The 13 Most Viral Stories In Shreveport And Bossier In 2017
Do you know how many companies tried to get something to go "viral" in 2017?
The answer is a lot. But most of them didn't. The idea of going viral is something that you can't force, it just happens. Something goes viral online when people are instantly drawn to it, for whatever reason, and it grows organically. People see it, share it, tell people about it, push it forward...basically the power to make something go viral is in the hands of the people who use the internet.
So how do stories go viral locally? Well, we kept track of the big ones, but we really don't have a good way to measure them against each other, so we're going to sort these without numbers/ranks. Just a big viral mess. Here we go:
The way I explained "viral" above, fits this story. Larry Flynt's Hustler Club in Downtown Shreveport has had billboards up around town for years, virtually without incident. However this year, when featured dancer Rachel Starr appeared on a billboard for the club, it sparked outrage. Including an online petition to have some form of government take it down.
The story blew up online, and actually got a second-wind when the club put up a Toy Drive billboard in a joking manner.
We all have done things in our past we are not particularly proud of. Most of us don't have things that could be considered severely racist in our history. But those things probably wouldn't become public unless we did something like, I don't know, run for State Representative?
When a headline including a national celebrity and a heinous crime hits, it's likely to catch some attention. When it happens in your city, you know it's about to go viral.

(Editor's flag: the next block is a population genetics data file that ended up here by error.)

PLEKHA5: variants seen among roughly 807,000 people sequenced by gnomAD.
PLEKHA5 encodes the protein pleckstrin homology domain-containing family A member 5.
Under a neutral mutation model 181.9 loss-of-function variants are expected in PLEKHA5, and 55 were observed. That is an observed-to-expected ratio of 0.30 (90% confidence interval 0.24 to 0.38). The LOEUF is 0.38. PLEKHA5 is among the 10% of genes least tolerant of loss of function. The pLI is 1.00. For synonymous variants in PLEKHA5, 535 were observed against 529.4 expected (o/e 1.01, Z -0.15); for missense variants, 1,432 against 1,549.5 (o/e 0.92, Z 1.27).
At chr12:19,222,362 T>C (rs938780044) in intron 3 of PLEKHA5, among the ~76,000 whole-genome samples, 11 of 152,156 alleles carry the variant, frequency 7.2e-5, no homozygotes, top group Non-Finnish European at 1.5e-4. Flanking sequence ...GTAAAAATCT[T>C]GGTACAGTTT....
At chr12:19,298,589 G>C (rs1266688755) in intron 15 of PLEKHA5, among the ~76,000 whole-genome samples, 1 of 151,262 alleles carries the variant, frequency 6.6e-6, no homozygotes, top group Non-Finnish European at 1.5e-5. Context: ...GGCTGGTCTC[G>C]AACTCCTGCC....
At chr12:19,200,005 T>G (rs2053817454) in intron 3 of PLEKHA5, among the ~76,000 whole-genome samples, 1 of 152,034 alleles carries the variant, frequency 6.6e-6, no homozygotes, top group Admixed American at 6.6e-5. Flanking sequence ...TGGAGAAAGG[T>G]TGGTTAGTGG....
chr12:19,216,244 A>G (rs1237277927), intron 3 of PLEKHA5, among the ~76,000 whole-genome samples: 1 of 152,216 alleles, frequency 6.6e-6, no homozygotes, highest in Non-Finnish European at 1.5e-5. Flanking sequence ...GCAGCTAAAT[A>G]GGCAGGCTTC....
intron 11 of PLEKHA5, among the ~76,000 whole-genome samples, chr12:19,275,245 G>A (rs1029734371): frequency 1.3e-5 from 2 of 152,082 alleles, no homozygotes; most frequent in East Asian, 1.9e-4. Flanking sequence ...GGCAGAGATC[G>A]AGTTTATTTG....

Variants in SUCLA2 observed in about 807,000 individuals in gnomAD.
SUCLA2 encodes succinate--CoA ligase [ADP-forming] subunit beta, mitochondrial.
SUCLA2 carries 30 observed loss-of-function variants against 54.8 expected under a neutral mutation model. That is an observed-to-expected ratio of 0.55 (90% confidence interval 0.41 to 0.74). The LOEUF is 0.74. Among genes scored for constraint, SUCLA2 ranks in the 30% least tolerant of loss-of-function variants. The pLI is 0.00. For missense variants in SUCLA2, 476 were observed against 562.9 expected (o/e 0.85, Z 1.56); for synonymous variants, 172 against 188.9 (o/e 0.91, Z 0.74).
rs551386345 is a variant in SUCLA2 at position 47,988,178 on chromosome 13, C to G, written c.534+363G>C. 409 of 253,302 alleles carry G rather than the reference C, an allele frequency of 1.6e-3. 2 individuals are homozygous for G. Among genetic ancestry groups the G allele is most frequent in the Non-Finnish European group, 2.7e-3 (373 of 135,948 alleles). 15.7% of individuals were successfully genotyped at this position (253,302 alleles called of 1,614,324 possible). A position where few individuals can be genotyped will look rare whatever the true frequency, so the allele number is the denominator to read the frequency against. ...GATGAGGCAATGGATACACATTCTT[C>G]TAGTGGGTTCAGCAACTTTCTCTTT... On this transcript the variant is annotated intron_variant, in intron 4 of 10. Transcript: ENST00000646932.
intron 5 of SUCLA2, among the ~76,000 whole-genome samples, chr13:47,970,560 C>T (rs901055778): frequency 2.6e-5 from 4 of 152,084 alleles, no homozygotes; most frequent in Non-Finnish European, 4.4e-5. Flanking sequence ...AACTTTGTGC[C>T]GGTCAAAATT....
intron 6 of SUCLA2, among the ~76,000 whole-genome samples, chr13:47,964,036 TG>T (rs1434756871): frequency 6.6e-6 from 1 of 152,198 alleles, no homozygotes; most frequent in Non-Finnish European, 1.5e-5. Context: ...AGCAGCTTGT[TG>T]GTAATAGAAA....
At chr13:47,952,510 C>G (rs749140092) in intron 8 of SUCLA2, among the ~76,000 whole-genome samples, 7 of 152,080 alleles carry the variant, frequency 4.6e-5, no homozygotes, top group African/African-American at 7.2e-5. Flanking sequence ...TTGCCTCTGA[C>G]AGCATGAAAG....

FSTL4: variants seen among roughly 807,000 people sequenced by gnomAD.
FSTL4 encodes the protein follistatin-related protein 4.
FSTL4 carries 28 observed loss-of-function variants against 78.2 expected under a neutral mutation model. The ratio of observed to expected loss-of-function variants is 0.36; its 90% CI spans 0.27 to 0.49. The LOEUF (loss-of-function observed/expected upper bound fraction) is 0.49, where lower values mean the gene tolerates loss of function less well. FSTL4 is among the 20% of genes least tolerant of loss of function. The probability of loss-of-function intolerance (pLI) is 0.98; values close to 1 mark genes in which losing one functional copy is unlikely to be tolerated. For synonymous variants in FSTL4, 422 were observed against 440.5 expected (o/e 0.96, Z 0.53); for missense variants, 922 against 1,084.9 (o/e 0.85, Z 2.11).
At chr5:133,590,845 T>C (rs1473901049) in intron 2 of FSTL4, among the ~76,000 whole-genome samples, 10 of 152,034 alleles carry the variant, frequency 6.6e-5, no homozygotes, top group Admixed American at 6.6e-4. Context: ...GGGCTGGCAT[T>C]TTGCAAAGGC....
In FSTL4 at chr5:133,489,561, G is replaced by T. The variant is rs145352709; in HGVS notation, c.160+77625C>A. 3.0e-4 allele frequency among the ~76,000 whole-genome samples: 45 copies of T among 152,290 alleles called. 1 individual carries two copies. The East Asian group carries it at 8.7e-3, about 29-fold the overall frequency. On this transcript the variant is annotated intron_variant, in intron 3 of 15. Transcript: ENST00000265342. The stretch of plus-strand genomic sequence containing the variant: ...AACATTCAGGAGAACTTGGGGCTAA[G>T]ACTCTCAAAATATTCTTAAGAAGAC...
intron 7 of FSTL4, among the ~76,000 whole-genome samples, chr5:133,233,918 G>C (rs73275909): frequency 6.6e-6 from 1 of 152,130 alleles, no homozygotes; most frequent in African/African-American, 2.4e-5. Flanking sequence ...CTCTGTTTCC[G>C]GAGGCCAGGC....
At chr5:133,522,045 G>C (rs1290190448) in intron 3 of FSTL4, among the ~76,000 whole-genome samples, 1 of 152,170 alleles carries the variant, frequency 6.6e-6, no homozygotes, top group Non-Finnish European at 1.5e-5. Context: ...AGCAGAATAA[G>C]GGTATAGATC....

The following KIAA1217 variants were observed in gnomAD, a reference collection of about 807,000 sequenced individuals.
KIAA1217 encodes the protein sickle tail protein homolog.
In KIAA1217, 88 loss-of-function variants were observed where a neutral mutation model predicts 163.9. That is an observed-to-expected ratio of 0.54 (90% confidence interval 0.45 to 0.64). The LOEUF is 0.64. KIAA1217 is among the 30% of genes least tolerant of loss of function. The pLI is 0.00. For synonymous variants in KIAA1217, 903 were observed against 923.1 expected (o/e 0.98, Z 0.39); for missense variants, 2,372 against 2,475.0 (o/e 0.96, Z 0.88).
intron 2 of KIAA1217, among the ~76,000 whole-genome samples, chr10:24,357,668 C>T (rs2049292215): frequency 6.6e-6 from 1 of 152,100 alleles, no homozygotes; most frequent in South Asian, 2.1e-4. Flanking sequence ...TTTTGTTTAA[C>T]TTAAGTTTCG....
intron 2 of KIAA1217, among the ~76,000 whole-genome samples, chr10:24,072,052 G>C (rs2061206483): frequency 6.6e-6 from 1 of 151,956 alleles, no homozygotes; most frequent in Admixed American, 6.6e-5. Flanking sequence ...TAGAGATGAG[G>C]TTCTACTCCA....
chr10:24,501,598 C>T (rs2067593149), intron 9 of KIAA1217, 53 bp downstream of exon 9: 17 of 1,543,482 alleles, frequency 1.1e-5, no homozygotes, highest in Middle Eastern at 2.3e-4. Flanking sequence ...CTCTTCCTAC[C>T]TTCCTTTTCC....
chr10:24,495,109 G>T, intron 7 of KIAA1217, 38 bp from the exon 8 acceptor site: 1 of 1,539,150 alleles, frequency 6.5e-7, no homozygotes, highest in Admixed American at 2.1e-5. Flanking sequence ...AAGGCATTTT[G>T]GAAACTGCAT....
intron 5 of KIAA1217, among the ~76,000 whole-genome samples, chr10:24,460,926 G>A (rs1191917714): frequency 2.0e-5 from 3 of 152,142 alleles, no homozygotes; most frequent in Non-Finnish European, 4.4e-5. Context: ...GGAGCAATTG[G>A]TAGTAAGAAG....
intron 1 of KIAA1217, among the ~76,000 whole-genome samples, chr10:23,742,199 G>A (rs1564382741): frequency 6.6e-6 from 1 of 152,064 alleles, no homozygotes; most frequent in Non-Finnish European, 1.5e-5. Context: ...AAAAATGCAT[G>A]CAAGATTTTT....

This was a viral slow-burn. The initial story caught so many people off-guard, they didn't know how to react. But once they started to ask questions, it really took off. Plus, to be honest, a lot of those questions have yet to be answered. But the heat on this story has pretty much faded.
Russell Cole Harty's face was one of the most famous faces in the Ark-La-Tex for a solid week in July of this year. The story behind him and his behavior was pretty messed up, and the whole internet (at least in the Ark-La-Tex) seemed to agree.
This video can really speak for itself.
Yes, it's exactly what it looks like it is too.
It was like Supermarket Sweep, but in a Thrifty Liquor...and instead of a shopping cart, it was her pants...and instead of a game show, it was real life. Which also meant her prize was getting arrested.
It went viral in two different ways. People couldn't believe what they were seeing, and others thought it was the greatest thing ever. It didn't really matter how you felt, your probably shared it, or commented on it.
It was a local legend. The Godzilla sign found a home in Downtown Shreveport for the last few years. However in 2017, the DOTD decided it was time to take it down. Apparently it created some liability concerns...so it had to come down.
But the good new is, the sign was saved from a dumpster. The KEEL staff actually stepped in, and took ownership of the sign. Only rule is, it can't ever make it's way back out onto the Shreveport streets. Which is fine, because it has a safe home in the KEEL studio.
Well...two blackface stories in one year. That should be out quota for the next decade (hopefully). But this one was a little more, well, smudgy. Multiple pictures of a local Halloween costume circulated online in very early November. Some appeared to show a man with legit blackface on as part of his Halloween costume, others images showed less blackface, and more eye-black.
Part of the story said it involved "Just For Men" on facial hair, and some internet detectives suggested that product could have smudged throughout the night to make the appearance that blackface was being used. As everyone tried to investigate, defend, criticize, and just talk about it, it kept getting shared. Making it one of the most viral stories of the year.
This was amazing. Local "modeling agent" Michael Turney took to social media to attack some local models, and a local publication for a picture they published. After the initial backlash, he began the process of personally responding to every social media post about him. He seemed totally oblivious to his contradictions and appeared to be tone-deaf in multiple posts.
But the posts, comments, shares, and screenshots kept rolling. Hours went by, days went by, weeks turned into months of it. Because to this day, he still checks in on his posts, or posts about himself, and starts commenting all over again.